Neil Steede to the rescue. Steede stepped in to rework Posnansky’s research. Steede noticed something others have—that stones used in the construction are amazingly well-formed and are fitted together with nary a thin gap. Furthermore, Adjacent stones are locked together with metal “staples” formed by pouring molten metal into cavities carved into the stones.

Tiwanaku monumental architecture is characterized by large stones of exceptional workmanship. In contrast to the masonry style of the later Inca, Tiwanaku stone architecture usually employs rectangular ashlar blocks laid in regular courses. Their monumental structures were frequently fitted with elaborate drainage systems. The drainage systems of theAkapana and Pumapunku structures include conduits composed of red sandstone blocks held together by ternary (copper/arsenic/nickel) bronze architectural cramps. The I-shaped architectural cramps of the Akapana were created by cold hammering of ingots. In contrast, the cramps of the Pumapunku were created by pouring molten metal into I-shaped sockets. The blocks have flat faces that do not need to be fitted upon placement because the grooves make it possible for the blocks to be shifted by ropes into place. The main architectural appeal of the site comes from the carved images and designs on some of these blocks, carved doorways, and giant stone monoliths.

[Some links deleted]

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Steede explains this remarkable practice would have required bringing a metal refractory right up to the construction site, a tremendous undertaking. Or else, the stones could have been carved and their links poured at a central location and then moved to the construction site, the most likely explanation.

The ancient date arrived at by Posnansky and confirmed by Steede rests on the amazing fact that the structures were crafted with such precision. Steede concludes from their passion for precision the ancients must have sought to align the site astronomically. The problem is, the alignment with the sun is not perfect. It’s off by some. In fact, it’s off by an amount that would have existed 17,000 years ago, when the Earth’s axis was aligned differently.

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Forget about a body of archaeological evidence that the civilization responsible for Tiahuanacu’s construction only lasted from 300 to 1000 AD. Charlton Heston is pleased to tell us the story of the Spanish Conquistadors asking the Incas if they built this site. The Incas were happy, in return, to tell their future murderers that somebody else built the city thousands of years earlier. That information is remarkable, considering:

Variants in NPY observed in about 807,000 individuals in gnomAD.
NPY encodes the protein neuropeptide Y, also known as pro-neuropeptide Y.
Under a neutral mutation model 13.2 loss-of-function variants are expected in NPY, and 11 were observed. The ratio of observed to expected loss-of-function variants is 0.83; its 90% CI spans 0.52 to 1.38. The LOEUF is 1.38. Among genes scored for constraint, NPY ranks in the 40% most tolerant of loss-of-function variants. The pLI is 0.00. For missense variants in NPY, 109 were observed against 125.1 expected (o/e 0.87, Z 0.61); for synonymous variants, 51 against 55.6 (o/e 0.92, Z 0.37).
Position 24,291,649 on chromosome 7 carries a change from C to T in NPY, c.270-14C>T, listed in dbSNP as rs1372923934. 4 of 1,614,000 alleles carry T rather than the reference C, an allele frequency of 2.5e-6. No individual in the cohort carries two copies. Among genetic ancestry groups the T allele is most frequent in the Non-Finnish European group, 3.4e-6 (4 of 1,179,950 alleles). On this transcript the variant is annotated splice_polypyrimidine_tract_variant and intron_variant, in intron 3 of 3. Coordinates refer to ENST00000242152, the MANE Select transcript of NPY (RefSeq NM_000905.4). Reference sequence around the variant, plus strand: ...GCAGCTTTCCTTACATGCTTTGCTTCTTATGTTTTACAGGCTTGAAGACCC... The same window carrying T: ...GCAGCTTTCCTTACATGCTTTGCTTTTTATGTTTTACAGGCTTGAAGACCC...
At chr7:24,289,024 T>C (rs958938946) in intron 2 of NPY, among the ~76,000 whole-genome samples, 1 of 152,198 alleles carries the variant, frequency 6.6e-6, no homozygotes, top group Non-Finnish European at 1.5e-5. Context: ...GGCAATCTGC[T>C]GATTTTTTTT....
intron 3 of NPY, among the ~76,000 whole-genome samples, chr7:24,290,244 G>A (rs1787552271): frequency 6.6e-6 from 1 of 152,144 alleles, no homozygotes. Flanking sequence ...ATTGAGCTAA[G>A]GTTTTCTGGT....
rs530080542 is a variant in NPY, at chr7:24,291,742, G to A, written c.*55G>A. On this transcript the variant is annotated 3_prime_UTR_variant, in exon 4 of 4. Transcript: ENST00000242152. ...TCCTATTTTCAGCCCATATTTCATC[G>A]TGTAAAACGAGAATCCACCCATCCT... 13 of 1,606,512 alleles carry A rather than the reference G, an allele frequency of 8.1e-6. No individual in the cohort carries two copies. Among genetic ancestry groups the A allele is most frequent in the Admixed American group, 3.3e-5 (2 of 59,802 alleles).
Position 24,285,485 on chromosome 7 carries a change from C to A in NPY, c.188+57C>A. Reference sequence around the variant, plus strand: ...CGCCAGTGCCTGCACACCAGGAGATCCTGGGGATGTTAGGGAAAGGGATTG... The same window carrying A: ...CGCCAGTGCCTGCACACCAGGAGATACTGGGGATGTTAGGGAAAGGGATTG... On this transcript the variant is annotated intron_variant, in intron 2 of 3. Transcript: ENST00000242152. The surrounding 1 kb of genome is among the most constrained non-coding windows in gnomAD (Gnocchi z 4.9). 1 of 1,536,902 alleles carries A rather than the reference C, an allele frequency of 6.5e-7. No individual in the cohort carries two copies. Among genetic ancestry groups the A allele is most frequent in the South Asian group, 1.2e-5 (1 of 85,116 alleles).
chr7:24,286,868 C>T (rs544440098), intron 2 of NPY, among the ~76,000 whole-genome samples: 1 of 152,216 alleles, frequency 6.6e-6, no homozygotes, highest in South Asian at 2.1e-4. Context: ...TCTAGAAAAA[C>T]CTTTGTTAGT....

The site was first recorded in written history by Spanish conquistador Pedro Cieza de León. He came upon the remains of Tiwanaku in 1549 while searching for the Inca capital Qullasuyu.

The name by which Tiwanaku was known to its inhabitants may have been lost as they had no written language. The Puquina language has been pointed out as the most likely language of Tiwanaku.

Modern civilization, with all its resources, is just barely able to retrieve history from just 3000 years ago, yet the Incas kept records going back over 10,000 years? It’s certain the builders did not leave a written record, because they had no written language.

So what does all of this to do with the Sphinx? I’m glad you brought that up. I will cover that in the next post.

The Ape-Man Within

TheApe-ManWithin

Husband and wife writing team Sprague and Catherine de Camp moved to Plano, Texas, about 25 years ago in semi-retirement. We got to know them, and they joined our group, The North Texas Skeptics. This was Sprague’s next to last published book, and I received a copy in the mail for review. The following review appeared in the January 1996 issue of The North Texas Skeptic.  It’s The Ape-Man Within.

L. Sprague de Camp.  Prometheus Books, Buffalo, 1995.  266 pages (bibliography).  $25.95.

Reviewed by John Blanton

Where we came from has made us what we are.  This is the theme of Sprague de Camp’s latest non-fiction work.  Our ancestors were wild animals who somehow domesticated themselves and ratcheted their way up in steps to what we know as civilized society.  We dress ourselves in fine silk and go to the opera and to the ballet, and we probe the depths of the atom and visit nearby planets, but our daily actions belie all this pretense and show us to be the product of our forefathers after all.